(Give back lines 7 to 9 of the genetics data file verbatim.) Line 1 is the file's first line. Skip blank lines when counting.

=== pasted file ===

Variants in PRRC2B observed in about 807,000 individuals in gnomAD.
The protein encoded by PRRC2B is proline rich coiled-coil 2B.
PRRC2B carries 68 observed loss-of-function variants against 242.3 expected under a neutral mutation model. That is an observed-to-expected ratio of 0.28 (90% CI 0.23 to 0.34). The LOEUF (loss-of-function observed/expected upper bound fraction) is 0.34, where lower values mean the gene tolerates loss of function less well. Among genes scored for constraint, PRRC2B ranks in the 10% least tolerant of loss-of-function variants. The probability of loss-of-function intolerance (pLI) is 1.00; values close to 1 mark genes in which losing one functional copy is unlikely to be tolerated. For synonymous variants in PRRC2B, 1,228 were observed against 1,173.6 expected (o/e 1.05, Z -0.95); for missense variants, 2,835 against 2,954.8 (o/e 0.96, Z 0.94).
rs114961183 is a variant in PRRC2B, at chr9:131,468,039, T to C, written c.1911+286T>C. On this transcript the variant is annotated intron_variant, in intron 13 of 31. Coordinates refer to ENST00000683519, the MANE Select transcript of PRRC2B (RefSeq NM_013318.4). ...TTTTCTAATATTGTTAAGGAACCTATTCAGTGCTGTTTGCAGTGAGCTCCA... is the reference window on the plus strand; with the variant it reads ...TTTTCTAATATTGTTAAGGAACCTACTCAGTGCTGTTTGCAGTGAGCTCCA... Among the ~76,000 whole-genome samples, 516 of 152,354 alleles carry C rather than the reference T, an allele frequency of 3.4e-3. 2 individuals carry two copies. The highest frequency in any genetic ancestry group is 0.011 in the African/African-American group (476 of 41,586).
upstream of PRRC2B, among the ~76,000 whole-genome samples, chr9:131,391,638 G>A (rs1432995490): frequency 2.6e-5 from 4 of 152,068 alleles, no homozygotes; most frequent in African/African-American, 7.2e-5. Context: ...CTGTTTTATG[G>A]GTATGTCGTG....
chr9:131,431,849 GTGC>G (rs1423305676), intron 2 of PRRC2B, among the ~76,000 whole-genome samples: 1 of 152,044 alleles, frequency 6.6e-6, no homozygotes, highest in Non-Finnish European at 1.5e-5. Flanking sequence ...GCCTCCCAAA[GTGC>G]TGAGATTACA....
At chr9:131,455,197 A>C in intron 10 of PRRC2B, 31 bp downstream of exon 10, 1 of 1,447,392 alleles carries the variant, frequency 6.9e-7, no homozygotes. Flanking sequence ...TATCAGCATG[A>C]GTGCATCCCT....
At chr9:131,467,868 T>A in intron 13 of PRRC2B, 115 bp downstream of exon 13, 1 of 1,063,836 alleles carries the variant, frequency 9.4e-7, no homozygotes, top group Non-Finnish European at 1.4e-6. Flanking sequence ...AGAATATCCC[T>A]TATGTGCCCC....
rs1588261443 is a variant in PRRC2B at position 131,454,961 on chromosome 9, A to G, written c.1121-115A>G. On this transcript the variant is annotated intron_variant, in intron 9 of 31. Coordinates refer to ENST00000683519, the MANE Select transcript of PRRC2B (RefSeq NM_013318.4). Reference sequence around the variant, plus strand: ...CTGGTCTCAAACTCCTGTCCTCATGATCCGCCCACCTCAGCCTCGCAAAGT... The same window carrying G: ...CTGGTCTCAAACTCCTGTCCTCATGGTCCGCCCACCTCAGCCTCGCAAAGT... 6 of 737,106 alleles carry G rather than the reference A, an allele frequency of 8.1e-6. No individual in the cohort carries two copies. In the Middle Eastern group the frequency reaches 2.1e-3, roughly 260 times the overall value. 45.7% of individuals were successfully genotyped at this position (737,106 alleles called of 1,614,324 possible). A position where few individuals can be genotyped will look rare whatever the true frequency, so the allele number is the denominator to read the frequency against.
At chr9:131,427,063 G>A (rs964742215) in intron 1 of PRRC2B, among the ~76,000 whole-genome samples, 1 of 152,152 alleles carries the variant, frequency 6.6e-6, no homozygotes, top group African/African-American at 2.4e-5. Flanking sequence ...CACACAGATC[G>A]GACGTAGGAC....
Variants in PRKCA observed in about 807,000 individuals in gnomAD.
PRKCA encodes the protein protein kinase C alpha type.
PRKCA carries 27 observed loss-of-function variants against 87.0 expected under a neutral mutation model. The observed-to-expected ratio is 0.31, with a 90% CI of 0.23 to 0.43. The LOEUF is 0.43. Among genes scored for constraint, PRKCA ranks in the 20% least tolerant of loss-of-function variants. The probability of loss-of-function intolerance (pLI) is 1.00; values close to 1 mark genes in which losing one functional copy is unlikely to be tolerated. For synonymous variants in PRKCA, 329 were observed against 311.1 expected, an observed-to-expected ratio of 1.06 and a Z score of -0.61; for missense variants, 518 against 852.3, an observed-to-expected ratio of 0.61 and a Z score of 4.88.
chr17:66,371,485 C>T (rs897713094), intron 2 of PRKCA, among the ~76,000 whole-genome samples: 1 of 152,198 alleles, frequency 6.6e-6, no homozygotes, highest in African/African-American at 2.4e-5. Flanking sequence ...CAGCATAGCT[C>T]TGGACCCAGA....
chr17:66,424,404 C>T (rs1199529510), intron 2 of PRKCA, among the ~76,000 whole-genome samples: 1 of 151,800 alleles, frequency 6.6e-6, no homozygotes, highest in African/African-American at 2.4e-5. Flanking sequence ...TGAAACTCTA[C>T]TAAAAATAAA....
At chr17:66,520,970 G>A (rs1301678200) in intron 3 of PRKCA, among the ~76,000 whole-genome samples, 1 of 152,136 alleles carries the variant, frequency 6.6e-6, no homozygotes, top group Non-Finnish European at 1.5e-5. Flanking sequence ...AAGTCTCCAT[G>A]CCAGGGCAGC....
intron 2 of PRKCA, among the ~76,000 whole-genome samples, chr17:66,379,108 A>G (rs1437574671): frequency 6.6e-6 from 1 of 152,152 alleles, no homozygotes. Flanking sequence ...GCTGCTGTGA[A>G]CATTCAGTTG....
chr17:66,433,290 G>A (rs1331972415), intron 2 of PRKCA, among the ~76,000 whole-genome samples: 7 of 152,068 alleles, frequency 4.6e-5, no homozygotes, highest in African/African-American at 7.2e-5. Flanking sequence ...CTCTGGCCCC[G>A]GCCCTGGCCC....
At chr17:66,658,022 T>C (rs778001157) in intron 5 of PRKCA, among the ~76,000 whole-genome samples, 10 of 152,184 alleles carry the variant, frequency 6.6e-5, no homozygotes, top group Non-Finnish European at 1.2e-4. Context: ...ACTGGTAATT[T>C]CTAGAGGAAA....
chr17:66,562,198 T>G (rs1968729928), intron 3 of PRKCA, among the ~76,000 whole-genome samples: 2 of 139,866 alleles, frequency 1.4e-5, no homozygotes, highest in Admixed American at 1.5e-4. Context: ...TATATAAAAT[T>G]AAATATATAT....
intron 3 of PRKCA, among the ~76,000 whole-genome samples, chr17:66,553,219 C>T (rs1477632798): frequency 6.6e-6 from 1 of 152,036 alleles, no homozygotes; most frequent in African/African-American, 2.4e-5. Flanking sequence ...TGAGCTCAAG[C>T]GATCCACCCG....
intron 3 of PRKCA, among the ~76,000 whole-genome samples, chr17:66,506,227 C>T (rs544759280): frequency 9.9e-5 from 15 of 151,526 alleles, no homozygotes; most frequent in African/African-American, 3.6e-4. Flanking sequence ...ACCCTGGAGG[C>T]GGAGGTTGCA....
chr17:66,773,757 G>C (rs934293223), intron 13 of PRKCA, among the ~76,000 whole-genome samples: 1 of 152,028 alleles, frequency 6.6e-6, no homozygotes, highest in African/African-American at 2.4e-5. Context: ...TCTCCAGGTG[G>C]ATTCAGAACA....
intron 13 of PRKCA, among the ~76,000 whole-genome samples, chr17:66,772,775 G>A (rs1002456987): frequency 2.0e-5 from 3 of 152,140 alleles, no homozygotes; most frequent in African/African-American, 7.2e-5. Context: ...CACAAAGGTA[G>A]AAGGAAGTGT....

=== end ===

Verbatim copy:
At chr9:131,455,197 A>C in intron 10 of PRRC2B, 31 bp downstream of exon 10, 1 of 1,447,392 alleles carries the variant, frequency 6.9e-7, no homozygotes. Flanking sequence ...TATCAGCATG[A>C]GTGCATCCCT....
At chr9:131,467,868 T>A in intron 13 of PRRC2B, 115 bp downstream of exon 13, 1 of 1,063,836 alleles carries the variant, frequency 9.4e-7, no homozygotes, top group Non-Finnish European at 1.4e-6. Flanking sequence ...AGAATATCCC[T>A]TATGTGCCCC....
rs1588261443 is a variant in PRRC2B at position 131,454,961 on chromosome 9, A to G, written c.1121-115A>G. On this transcript the variant is annotated intron_variant, in intron 9 of 31. Coordinates refer to ENST00000683519, the MANE Select transcript of PRRC2B (RefSeq NM_013318.4). Reference sequence around the variant, plus strand: ...CTGGTCTCAAACTCCTGTCCTCATGATCCGCCCACCTCAGCCTCGCAAAGT... The same window carrying G: ...CTGGTCTCAAACTCCTGTCCTCATGGTCCGCCCACCTCAGCCTCGCAAAGT... 6 of 737,106 alleles carry G rather than the reference A, an allele frequency of 8.1e-6. No individual in the cohort carries two copies. In the Middle Eastern group the frequency reaches 2.1e-3, roughly 260 times the overall value. 45.7% of individuals were successfully genotyped at this position (737,106 alleles called of 1,614,324 possible). A position where few individuals can be genotyped will look rare whatever the true frequency, so the allele number is the denominator to read the frequency against.